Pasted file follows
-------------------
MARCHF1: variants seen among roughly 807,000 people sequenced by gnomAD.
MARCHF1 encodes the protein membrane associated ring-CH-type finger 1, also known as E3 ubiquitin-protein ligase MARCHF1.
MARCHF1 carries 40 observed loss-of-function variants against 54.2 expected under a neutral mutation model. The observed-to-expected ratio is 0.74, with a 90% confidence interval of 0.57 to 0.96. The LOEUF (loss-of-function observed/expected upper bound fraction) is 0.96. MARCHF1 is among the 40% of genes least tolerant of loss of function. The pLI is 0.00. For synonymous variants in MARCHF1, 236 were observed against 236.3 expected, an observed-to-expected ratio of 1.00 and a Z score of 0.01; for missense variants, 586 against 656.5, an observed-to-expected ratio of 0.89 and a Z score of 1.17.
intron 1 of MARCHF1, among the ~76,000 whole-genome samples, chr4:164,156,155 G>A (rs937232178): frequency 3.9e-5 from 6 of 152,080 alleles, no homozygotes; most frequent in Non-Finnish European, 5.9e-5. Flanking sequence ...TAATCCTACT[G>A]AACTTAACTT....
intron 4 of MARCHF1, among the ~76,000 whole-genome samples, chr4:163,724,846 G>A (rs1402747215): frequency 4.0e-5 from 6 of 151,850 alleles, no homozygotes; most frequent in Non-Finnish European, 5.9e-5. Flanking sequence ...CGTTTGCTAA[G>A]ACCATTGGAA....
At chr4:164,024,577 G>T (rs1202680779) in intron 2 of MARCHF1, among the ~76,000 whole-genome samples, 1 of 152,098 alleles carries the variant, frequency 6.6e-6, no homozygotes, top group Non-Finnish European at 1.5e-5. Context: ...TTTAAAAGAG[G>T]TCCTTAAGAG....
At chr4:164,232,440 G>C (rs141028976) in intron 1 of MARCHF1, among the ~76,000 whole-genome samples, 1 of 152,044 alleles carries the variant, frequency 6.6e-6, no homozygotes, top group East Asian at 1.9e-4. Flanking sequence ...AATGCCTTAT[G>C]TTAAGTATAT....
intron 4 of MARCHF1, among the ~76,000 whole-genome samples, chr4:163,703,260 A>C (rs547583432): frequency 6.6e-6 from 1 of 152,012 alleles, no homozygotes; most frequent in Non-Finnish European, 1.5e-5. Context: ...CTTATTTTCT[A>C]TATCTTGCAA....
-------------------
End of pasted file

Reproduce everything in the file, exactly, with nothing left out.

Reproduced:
MARCHF1: variants seen among roughly 807,000 people sequenced by gnomAD.
MARCHF1 encodes the protein membrane associated ring-CH-type finger 1, also known as E3 ubiquitin-protein ligase MARCHF1.
MARCHF1 carries 40 observed loss-of-function variants against 54.2 expected under a neutral mutation model. The observed-to-expected ratio is 0.74, with a 90% confidence interval of 0.57 to 0.96. The LOEUF (loss-of-function observed/expected upper bound fraction) is 0.96. MARCHF1 is among the 40% of genes least tolerant of loss of function. The pLI is 0.00. For synonymous variants in MARCHF1, 236 were observed against 236.3 expected, an observed-to-expected ratio of 1.00 and a Z score of 0.01; for missense variants, 586 against 656.5, an observed-to-expected ratio of 0.89 and a Z score of 1.17.
intron 1 of MARCHF1, among the ~76,000 whole-genome samples, chr4:164,156,155 G>A (rs937232178): frequency 3.9e-5 from 6 of 152,080 alleles, no homozygotes; most frequent in Non-Finnish European, 5.9e-5. Flanking sequence ...TAATCCTACT[G>A]AACTTAACTT....
intron 4 of MARCHF1, among the ~76,000 whole-genome samples, chr4:163,724,846 G>A (rs1402747215): frequency 4.0e-5 from 6 of 151,850 alleles, no homozygotes; most frequent in Non-Finnish European, 5.9e-5. Flanking sequence ...CGTTTGCTAA[G>A]ACCATTGGAA....
At chr4:164,024,577 G>T (rs1202680779) in intron 2 of MARCHF1, among the ~76,000 whole-genome samples, 1 of 152,098 alleles carries the variant, frequency 6.6e-6, no homozygotes, top group Non-Finnish European at 1.5e-5. Context: ...TTTAAAAGAG[G>T]TCCTTAAGAG....
At chr4:164,232,440 G>C (rs141028976) in intron 1 of MARCHF1, among the ~76,000 whole-genome samples, 1 of 152,044 alleles carries the variant, frequency 6.6e-6, no homozygotes, top group East Asian at 1.9e-4. Flanking sequence ...AATGCCTTAT[G>C]TTAAGTATAT....
intron 4 of MARCHF1, among the ~76,000 whole-genome samples, chr4:163,703,260 A>C (rs547583432): frequency 6.6e-6 from 1 of 152,012 alleles, no homozygotes; most frequent in Non-Finnish European, 1.5e-5. Context: ...CTTATTTTCT[A>C]TATCTTGCAA....